The famous ‘pitch’ or more specifically ‘elevator pitch’ is nothing new. It exists since there’s a need to sell a product effectively. But now that developers are increasingly aware of the need to sell well what we do and the fact that nobody really has much time to waste, it seems the ‘pitch’ has been revalued in the indie sector.
In fact, we believe the ‘pitch’ has other important functions, beyond the obvious selling tool. For example, to know better the game you have in your hands. You may even find that there is something important in it to be overridden from the base.
So it forces you to self-define precisely your own game, an exercise that not everyone is subjected to. If it’s a good ‘pitch’, it should give objective information about the game, besides extolling peculiarities that make it interesting. It should be somehow noteworthy, but also honest.
If you are not able to define your game in a few sentences or if you are not able to fit into those two sentences something that really makes clear its differential values, albeit with no commercial language, something happens. If after defining your game, the result is something like this: “It is an adventure game where you kill enemies and gain experience for raising your level.” Well, it’s very clear what you can expect from it, but it doesn’t seem a good way to get anyone’s attention, right? Too many games would fit with that exact description.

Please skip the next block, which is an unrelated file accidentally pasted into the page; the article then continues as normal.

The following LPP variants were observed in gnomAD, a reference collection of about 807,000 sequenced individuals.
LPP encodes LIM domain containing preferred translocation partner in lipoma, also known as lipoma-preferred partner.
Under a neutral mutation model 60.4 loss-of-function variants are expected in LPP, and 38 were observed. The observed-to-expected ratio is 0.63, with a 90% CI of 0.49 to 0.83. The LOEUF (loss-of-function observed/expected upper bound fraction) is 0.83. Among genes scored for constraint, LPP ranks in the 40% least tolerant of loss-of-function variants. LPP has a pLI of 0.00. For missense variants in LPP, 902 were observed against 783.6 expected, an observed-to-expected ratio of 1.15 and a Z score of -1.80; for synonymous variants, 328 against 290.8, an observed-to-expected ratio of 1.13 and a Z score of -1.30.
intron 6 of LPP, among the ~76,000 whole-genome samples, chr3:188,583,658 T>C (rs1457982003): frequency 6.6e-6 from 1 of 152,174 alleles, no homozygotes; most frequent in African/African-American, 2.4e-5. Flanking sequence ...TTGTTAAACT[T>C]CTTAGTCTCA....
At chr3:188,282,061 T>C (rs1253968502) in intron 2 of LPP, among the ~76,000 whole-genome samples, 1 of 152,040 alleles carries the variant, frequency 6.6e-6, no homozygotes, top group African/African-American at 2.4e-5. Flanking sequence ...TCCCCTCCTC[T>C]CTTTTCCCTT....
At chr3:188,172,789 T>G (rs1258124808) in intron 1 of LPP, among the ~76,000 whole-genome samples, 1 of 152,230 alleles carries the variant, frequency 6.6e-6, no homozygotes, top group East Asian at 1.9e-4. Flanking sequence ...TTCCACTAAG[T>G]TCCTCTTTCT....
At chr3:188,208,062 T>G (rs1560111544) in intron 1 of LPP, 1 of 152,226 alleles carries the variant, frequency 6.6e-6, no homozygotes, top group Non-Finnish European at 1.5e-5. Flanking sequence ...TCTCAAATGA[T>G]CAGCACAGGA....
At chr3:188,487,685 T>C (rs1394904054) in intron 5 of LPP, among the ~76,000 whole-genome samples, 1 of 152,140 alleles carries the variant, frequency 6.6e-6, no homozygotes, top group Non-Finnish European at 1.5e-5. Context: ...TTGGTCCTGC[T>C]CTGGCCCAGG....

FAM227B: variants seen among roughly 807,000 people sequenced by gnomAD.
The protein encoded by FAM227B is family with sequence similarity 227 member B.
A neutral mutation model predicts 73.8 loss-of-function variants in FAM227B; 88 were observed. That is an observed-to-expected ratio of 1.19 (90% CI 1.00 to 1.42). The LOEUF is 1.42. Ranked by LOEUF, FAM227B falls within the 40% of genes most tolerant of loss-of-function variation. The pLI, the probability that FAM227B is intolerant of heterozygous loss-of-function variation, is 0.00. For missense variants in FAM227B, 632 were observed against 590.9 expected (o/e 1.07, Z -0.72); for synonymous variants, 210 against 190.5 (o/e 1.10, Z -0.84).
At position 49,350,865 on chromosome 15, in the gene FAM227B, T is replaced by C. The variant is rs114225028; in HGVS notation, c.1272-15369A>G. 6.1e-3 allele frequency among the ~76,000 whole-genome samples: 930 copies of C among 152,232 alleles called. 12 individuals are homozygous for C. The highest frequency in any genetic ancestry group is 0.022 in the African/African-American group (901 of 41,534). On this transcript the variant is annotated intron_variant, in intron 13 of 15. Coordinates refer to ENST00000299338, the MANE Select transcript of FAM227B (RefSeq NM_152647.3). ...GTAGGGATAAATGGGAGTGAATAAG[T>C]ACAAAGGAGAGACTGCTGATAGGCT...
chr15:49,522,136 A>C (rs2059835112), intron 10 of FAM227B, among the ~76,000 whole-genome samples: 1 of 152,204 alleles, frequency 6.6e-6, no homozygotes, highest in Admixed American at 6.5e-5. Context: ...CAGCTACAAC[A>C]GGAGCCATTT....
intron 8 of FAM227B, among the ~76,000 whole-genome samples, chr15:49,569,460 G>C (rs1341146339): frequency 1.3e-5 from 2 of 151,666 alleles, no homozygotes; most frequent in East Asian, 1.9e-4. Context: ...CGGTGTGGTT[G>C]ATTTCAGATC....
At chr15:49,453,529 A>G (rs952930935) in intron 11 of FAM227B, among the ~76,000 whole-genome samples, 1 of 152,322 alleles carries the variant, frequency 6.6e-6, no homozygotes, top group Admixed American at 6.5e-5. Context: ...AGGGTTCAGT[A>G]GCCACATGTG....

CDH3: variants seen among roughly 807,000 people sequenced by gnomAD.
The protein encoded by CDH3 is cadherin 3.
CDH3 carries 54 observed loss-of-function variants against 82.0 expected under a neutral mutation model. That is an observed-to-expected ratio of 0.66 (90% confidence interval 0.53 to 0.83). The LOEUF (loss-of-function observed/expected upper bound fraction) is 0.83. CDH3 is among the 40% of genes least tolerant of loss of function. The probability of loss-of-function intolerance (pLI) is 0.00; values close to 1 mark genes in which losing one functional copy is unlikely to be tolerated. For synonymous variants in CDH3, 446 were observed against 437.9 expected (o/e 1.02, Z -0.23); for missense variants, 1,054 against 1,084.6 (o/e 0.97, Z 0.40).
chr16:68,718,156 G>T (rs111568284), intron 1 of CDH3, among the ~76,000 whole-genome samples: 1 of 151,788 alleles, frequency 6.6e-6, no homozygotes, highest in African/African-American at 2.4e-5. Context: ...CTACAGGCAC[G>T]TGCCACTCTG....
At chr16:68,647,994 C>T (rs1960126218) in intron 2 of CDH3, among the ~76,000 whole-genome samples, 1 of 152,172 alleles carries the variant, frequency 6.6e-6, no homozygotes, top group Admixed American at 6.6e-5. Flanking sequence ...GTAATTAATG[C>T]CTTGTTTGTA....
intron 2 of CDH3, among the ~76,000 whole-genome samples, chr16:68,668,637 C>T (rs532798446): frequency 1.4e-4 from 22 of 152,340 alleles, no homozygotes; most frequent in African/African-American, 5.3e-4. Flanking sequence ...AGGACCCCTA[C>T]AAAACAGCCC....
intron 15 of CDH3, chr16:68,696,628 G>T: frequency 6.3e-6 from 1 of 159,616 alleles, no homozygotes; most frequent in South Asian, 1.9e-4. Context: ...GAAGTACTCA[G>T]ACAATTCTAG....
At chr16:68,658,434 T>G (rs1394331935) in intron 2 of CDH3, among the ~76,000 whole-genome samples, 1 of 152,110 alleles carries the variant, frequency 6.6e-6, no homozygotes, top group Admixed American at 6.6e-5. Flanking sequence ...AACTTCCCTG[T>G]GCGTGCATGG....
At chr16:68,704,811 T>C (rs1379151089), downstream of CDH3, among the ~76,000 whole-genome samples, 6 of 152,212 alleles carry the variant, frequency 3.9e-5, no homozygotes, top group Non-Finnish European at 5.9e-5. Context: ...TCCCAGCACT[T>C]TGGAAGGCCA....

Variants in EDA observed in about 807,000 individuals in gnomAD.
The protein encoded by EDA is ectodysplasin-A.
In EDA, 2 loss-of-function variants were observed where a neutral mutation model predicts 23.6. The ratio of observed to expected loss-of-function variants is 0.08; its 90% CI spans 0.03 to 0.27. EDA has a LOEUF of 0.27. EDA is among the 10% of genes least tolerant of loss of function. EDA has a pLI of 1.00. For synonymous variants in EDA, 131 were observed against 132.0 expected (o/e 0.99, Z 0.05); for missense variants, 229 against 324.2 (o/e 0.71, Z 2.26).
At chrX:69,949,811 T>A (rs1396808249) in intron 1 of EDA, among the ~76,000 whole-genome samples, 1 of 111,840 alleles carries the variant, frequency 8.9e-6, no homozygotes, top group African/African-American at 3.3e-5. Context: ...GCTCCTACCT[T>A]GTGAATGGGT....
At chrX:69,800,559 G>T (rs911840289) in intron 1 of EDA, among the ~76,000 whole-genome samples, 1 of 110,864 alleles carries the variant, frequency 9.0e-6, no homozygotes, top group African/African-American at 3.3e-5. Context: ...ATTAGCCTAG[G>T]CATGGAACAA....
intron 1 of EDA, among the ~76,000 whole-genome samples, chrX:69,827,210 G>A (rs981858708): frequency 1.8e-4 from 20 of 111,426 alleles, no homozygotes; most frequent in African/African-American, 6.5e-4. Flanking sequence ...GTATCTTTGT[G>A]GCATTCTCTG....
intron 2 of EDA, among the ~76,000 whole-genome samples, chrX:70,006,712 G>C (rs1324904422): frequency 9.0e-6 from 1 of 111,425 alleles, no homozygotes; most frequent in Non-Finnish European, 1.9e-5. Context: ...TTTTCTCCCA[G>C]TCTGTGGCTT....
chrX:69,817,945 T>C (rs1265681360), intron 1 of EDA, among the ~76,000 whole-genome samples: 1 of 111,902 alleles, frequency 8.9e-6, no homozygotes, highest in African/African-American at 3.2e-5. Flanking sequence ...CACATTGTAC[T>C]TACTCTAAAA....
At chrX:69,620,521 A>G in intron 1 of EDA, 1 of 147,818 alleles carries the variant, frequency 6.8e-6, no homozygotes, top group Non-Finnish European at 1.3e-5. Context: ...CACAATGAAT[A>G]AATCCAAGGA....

On the other hand, if your approach is something like: “It is an abstract game on the moon and tides”. You might get the attention of many people, but surely you lack some specificity. You need to take it to a land where the average player can understand what you’re offering.
“When people ask me about Ridiculous Fishing, I tell them it’s a game about fishing with machine guns. When people ask about Luftrausers, I tell them it’s a dogfighting game about flying and super weapons. If people ask me what Super Crate Box is, I say it’s a strange platformer about collecting crates and shooting random weapons”.
In the first one, the difference is clear. It is a striking enough concept and does not need more. The second one, makes it clear that it is a recreational project that revolves around the concept of flying and shooting planes. The absence of any other reference makes us feel they have explored both concepts in profound ways (in fact, that’s the case). And the third one, tells us that there are platforms and shooting, but adds a bit of randomness and that bizarre detail of collecting boxes. For those who know the three games, it is clear that they are three adequate ‘pitches’.
What we do
In our case, if we’re asked about Go Deeper, we say it’s an action & skill game where you fight sci-fi creatures using colours. We don’t know if that’s the best way to define the game, but at least it makes clear what the game is going to ask from the player –skill and the necessary attitude to face an action game–, it gives us information about the general context or setting –science fiction– and it also reveals one of the particularities that makes it different and defines it well –the use of colour to face the action.
What about you? Do you know how to define/sell your game clearly?
P.S.: We recommend again Rami’s Talk at Gamelab this year. You wont’t regret it!